The water at Lake Erie beaches may be fine for swimming, but you may want to think about what's in the sand.
Gary W. Pettibone, a Buffalo State College biology professor, has been analyzing samples of the sand at Bennett Beach in Evans, where he found levels of E. coli anywhere from 10 to 100 times higher than what's considered acceptable for the lake water.
"My guess is the contaminated water goes up the beach into the sand, and the organisms will actually attach to the sand particles," Pettibone said.
E. Coli is a bacterium used as an indicator that water has been contaminated by fecal matter, often due to heavy rains and sewer overflows.
While most strains are harmless, some can cause gastrointestinal illness, including vomiting and diarrhea. High levels of E. coli can also indicate the presence of other disease-causing organisms, such as salmonella, Pettibone said.
The Erie County Health Department tests lake water daily during the peak swimming season and closes the beaches to swimmers if bacteria levels are too high.
But agencies -- here and elsewhere -- typically don't have the resources to monitor the bacteria levels of the beach sand, Pettibone said.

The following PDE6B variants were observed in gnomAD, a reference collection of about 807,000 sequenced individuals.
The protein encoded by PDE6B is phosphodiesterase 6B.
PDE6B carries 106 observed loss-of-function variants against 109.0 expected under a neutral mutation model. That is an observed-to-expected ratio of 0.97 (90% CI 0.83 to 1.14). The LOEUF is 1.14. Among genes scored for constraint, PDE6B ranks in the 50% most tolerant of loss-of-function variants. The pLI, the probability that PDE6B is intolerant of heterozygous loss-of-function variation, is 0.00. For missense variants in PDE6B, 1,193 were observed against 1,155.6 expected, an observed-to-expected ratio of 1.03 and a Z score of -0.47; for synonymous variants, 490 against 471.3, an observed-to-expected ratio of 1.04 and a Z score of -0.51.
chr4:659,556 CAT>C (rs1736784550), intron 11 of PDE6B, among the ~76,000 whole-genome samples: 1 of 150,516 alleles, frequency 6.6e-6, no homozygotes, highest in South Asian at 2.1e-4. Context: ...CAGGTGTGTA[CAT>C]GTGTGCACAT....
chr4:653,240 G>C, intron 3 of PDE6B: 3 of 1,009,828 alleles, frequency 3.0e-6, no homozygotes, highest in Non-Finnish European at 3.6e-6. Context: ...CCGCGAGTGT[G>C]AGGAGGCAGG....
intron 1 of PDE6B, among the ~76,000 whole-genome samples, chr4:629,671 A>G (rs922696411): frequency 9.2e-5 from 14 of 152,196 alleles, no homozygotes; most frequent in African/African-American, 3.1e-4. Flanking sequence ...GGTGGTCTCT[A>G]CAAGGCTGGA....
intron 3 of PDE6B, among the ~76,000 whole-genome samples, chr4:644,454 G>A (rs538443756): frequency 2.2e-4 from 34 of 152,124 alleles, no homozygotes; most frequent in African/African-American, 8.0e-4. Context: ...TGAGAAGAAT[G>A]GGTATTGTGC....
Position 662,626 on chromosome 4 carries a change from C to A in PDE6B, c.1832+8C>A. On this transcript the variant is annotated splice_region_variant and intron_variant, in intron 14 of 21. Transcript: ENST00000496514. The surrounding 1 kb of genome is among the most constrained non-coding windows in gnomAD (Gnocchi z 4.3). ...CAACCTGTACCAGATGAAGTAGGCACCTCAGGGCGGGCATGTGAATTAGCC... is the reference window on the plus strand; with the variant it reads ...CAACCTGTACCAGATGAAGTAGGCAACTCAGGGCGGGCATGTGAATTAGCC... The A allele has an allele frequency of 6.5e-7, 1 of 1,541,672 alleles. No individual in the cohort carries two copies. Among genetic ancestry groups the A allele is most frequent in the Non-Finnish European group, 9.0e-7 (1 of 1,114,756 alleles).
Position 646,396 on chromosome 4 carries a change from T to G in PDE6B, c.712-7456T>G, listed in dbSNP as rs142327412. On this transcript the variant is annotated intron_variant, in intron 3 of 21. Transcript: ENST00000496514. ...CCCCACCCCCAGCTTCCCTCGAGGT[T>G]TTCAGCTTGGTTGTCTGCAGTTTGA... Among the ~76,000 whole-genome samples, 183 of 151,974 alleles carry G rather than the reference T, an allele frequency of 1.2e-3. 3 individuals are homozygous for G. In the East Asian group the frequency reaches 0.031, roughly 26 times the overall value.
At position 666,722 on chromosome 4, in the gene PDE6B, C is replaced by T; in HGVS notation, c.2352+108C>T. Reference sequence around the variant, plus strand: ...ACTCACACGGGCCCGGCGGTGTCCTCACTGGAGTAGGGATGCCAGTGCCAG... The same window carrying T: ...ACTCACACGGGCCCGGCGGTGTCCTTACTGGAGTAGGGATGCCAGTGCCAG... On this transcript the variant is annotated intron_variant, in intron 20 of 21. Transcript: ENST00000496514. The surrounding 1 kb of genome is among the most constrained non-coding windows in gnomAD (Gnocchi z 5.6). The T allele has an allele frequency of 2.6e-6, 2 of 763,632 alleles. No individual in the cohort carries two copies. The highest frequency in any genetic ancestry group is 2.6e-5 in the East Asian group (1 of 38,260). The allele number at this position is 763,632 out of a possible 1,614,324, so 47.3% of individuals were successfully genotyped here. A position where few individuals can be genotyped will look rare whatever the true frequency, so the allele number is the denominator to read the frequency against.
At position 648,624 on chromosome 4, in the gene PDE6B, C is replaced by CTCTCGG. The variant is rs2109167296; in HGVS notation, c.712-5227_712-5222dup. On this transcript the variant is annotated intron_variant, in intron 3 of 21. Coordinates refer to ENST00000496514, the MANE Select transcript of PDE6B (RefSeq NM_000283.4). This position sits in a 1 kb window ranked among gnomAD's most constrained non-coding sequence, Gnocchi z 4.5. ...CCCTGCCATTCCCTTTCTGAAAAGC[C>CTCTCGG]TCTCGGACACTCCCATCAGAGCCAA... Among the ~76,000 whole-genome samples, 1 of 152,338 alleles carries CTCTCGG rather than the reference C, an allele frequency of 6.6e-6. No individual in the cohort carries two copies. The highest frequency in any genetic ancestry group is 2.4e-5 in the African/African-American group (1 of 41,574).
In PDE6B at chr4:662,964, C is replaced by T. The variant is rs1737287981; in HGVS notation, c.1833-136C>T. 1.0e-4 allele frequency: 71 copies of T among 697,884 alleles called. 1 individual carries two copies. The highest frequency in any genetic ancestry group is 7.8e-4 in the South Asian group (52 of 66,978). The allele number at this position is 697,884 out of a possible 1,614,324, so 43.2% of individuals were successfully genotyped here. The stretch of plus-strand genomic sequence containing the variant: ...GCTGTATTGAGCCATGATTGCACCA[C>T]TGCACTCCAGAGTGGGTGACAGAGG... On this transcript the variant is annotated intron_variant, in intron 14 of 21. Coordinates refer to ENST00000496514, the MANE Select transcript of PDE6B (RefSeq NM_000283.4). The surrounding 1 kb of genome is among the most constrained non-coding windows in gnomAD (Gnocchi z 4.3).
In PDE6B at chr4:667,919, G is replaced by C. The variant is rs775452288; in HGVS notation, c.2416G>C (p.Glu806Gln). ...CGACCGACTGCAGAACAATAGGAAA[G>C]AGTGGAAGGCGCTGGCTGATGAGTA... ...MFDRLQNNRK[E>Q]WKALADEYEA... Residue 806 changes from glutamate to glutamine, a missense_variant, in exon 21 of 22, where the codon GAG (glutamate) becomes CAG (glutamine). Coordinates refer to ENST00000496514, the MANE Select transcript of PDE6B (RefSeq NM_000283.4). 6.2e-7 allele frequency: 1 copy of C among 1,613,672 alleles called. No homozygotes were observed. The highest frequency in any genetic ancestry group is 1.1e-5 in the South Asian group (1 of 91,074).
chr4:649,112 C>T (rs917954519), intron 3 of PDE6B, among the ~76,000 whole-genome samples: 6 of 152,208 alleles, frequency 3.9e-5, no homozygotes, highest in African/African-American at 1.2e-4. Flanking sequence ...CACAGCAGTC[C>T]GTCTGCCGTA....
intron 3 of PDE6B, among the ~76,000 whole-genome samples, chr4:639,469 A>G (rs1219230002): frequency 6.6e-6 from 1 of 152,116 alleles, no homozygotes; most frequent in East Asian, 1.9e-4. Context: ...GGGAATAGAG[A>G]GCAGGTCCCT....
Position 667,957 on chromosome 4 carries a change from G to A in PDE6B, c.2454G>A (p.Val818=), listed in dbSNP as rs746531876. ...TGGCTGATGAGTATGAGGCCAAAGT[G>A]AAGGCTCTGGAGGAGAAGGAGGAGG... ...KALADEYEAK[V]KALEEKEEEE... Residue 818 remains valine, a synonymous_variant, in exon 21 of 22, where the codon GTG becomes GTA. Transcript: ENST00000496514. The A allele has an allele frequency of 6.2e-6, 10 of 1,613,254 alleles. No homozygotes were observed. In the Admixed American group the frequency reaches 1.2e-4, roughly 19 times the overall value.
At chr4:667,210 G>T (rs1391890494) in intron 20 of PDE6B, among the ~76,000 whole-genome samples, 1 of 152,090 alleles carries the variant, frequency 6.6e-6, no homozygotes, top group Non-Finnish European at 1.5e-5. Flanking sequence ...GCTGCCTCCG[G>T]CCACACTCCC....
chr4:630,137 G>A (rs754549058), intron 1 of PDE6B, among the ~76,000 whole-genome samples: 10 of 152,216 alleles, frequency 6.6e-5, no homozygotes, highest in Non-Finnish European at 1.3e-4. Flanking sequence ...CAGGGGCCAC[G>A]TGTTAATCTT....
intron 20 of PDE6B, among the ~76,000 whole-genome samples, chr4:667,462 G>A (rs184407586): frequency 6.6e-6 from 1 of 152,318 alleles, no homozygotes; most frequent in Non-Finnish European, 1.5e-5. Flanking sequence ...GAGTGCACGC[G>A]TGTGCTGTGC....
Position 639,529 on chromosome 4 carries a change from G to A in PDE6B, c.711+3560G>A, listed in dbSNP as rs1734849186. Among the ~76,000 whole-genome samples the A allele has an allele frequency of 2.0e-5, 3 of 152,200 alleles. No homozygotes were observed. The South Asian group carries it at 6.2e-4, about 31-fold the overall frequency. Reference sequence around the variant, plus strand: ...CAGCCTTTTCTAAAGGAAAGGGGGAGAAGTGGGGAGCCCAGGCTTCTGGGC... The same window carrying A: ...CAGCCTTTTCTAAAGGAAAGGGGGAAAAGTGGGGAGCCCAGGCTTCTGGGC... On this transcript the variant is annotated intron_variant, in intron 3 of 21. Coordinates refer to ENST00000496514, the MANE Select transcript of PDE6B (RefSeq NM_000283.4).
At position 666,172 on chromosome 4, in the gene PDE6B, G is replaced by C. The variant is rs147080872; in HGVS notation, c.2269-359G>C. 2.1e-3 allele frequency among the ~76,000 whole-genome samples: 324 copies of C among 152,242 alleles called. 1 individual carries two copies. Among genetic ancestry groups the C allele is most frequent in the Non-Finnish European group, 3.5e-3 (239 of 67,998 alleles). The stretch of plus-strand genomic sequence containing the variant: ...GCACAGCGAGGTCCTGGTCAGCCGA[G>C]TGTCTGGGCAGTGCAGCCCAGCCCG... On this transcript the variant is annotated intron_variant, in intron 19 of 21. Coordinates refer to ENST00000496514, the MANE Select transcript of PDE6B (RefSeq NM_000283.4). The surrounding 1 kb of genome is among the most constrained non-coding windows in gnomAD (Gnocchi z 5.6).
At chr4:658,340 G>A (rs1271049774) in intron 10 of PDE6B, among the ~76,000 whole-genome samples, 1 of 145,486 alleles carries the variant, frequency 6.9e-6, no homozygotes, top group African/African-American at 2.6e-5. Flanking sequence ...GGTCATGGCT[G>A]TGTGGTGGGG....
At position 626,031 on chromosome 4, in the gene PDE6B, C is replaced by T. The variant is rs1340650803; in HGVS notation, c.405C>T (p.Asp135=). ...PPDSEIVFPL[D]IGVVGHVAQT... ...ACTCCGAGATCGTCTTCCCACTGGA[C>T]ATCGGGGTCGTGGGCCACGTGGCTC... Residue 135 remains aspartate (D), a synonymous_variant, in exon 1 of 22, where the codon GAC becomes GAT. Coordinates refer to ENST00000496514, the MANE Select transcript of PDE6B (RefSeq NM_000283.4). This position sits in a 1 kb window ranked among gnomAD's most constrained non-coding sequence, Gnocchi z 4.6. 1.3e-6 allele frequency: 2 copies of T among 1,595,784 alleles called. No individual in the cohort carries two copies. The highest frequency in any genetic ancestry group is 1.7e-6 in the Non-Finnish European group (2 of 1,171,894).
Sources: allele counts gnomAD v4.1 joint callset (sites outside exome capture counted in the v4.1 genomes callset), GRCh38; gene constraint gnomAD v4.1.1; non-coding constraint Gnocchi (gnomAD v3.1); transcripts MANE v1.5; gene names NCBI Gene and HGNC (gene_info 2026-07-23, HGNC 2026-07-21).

Pettibone, with the help of student researcher Nicole Bennett, has been testing the Bennett Beach sands for the past two summers, taking samples at varying distances and depths from the water.
Lake water, Pettibone said, is safe for swimming as long as there are fewer than 235 E. coli colonies per 100 milliliters of water.
The bacteria levels Pettibone found on the beach varied from as little as 47 E. coli colonies per 100 milliliters to as high as 11,000.
The Buffalo State findings are similar to other recent studies looking at high levels of E. coli in beach sands along lakes Michigan and Superior.
In those cases, researchers suggested the levels may vary depending on the coarseness of the sand.
Those researchers also indicated that test subjects got rid of the beach bacteria on their hands simply by washing.
Sand acts like a filter, so it's not a surprise that the Buffalo State researchers would find E. coli on Bennett Beach, said Erie County Health Commissioner Anthony Billittier IV.
"Frankly," Billittier said, "we have bacteria everywhere in the world. I think the question is, 'What does it mean?' I have not seen any data to suggest that E. coli in the sand puts anyone at risk."
Pettibone agreed and said the findings don't warrant beach closings. But it serves as a precaution for beachgoers, particularly to parents with young children who dig in the sand and put their hands in their mouth.
"Make sure kids wash their hands and have good hygiene after going to the beach," Pettibone said.